A Book of Rules—Not

February 3, 2020

“I don’t understand how anyone can argue about it. Here it is in black and white,” moaned a guy at a Bible study who had just lifted a few words from a sentence of a letter from Paul the Apostle which was compiled together with other writings as part of the teaching document of the new movement called by some Christians.

He was, of course, reading it in English translation from Ancient Greek totally in the context of his own political beliefs.

Has this been done before?

Of course. Anyone who has read widely in the literature of the past 2,000 years has seen attempts at lifting phrases and making an entire theology or political philosophy from them.

But actually understanding the text takes considerably more work and thought than that.

St. Augustine taught us that not reading the New Testament in the light of Jesus two commands to love God and to love our neighbor brings the reader to error.

NT Wright has written “If you try to read the New Testament as a ‘how-to’ book, which sadly is how some people approach it, you may end up frustrated, thinking it would be better if the spirit had given us something more like a car manual or railway time table.”

It is so tempting to read the New Testament with an eye toward discovering how we are good and they are bad. But that would be an injustice both to the writers and to the they.

We Must Keep Growing

January 31, 2020

My reading today came together around the theme of growth.

The notes on a book on leadership I read a couple of months ago, Reboot, pointed out from the writer’s bitter experience that a leader’s failure to grow leads directly to failure as a leader.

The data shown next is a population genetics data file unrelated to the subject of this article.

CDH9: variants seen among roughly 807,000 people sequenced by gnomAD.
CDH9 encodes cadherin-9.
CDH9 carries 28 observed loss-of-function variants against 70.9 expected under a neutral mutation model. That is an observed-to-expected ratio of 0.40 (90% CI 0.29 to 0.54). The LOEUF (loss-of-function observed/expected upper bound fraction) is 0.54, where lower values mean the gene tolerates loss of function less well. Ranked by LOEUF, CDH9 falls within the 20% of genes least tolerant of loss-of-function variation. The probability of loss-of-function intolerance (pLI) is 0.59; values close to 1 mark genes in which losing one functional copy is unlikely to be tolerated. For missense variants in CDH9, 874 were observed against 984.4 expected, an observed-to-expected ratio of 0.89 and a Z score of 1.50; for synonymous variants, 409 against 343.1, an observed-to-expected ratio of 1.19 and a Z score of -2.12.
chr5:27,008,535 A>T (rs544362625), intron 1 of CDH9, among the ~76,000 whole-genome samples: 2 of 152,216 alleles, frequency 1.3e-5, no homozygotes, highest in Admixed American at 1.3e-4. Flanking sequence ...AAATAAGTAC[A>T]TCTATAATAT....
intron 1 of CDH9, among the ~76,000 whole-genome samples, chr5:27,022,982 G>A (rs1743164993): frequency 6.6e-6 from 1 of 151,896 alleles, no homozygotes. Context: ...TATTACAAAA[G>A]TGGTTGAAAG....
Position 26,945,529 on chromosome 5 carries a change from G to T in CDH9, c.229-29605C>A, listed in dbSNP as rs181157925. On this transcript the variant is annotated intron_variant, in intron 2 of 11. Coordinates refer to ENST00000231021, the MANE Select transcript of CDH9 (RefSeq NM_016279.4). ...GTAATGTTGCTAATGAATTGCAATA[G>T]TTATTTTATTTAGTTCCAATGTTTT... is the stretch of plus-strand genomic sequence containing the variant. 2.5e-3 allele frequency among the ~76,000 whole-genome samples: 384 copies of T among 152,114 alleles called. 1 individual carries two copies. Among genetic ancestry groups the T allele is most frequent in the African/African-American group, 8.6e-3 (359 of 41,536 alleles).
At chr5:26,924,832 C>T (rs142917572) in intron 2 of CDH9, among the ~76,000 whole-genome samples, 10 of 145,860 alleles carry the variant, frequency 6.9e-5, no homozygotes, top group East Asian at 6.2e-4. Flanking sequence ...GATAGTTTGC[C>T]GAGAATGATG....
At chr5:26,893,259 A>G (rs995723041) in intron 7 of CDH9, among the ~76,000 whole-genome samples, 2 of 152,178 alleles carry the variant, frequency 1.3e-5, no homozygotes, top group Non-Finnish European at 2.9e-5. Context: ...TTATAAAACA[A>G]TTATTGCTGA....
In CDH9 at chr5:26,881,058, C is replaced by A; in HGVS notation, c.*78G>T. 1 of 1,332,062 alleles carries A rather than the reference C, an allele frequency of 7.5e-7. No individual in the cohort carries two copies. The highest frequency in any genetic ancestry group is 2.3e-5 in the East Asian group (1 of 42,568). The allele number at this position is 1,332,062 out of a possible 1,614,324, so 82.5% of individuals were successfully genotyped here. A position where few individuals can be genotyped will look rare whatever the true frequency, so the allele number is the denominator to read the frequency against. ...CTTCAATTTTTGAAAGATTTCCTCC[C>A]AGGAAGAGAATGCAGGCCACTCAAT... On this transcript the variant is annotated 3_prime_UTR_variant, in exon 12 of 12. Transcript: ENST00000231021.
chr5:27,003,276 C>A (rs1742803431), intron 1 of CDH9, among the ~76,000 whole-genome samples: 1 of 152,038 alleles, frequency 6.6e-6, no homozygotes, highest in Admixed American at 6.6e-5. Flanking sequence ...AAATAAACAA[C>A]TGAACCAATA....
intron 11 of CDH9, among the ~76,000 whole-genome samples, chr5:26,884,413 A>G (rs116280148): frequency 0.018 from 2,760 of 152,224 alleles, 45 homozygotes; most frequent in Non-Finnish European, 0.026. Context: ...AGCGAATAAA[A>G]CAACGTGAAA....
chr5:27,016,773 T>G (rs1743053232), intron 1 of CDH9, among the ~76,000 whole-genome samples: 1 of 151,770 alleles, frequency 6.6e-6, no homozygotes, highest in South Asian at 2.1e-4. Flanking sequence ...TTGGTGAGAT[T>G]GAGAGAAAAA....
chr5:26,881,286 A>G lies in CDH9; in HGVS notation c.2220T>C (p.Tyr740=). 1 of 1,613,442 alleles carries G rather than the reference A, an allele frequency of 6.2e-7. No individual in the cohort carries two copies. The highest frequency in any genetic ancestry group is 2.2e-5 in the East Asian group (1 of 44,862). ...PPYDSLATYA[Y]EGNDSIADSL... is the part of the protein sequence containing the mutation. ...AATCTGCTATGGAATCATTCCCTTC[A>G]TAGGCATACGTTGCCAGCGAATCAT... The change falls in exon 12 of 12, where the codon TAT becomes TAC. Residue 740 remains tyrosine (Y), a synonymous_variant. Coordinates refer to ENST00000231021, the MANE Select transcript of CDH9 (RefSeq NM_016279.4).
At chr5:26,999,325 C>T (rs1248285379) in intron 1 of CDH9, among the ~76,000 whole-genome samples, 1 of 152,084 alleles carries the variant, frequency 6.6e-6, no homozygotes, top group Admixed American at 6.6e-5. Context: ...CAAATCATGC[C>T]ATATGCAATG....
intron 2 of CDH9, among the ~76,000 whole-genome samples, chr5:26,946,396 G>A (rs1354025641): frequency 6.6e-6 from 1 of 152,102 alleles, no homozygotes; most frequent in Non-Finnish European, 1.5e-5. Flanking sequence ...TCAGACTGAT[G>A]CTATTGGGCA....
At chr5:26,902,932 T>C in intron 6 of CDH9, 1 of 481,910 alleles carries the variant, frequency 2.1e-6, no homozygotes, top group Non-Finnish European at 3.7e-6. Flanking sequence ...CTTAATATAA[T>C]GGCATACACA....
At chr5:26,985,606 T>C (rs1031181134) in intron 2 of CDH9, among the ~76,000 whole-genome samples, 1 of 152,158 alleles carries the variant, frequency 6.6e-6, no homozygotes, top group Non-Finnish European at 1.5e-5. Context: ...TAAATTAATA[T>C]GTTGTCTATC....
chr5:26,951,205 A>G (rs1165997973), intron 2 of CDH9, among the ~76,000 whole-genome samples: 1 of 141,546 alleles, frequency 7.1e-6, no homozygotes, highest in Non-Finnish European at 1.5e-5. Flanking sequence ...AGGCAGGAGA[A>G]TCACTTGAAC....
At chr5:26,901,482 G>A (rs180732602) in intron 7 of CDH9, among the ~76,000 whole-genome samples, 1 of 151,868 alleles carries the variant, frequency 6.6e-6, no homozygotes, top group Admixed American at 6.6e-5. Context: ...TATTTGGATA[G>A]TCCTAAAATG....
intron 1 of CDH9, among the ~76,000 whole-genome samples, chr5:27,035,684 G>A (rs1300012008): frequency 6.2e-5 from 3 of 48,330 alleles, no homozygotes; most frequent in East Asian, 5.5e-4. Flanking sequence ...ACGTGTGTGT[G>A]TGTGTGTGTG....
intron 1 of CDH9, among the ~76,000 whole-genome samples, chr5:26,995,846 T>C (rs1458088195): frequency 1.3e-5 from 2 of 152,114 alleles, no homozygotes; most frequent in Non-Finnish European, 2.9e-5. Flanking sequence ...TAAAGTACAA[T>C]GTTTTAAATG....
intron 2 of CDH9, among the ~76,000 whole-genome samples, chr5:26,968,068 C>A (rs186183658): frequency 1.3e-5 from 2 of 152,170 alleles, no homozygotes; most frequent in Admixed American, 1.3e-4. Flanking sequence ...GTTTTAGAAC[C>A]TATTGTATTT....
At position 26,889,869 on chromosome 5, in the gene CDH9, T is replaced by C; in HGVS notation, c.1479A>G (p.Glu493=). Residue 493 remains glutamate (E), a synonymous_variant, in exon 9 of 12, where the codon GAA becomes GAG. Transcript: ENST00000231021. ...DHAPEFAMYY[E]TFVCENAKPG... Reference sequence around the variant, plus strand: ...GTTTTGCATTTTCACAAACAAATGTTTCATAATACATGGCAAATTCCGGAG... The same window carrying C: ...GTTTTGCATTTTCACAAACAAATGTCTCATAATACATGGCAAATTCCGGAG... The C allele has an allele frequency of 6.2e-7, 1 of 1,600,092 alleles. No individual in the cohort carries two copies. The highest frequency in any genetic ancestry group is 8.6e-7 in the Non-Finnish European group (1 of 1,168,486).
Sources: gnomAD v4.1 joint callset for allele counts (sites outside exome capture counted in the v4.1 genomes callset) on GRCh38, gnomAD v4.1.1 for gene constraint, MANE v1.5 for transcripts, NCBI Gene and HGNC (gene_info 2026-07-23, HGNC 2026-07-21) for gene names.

From the book I just finished, Surfaces and Essences, the great mathematician Henri Poincare said of Albert Einstein what was most admired was Einstein’s ability to take in new ideas, consider them, and then incorporate them into another place in a wholly creative way.

God teaches us when we observe nature that that which ceases to grow begins to die.

The problem when we take personality profile we can think it is a static score. The Myers-Briggs gives you a type. We can think we are locked in to that type. (As in, I am an FJ, so I can’t grow and be open to new ideas.)

If one does the Enneagram correctly, it becomes a pathway to growth. We look at the positive side and the ways in which that personality has negative connotations. Then we work to become more integrated.

At any rate, if we are getting older and still holding on to our 10-year-old’s view of the world and faith, then our discipline is lacking. Study, prayer, and meditation will help us grow up.

Not Everyone Who Calls Me Lord

January 30, 2020

Every week, if not daily, we hear about an eminent teacher, leader, or preacher of the Bible being outed for a (somewhat) secret life of sin, abuse, sex, pride. Not the ordinary failings of the rest of us, but a willful, continuing pattern. And when they are finally brought out into public view? They disappear. No repentance. No apologies.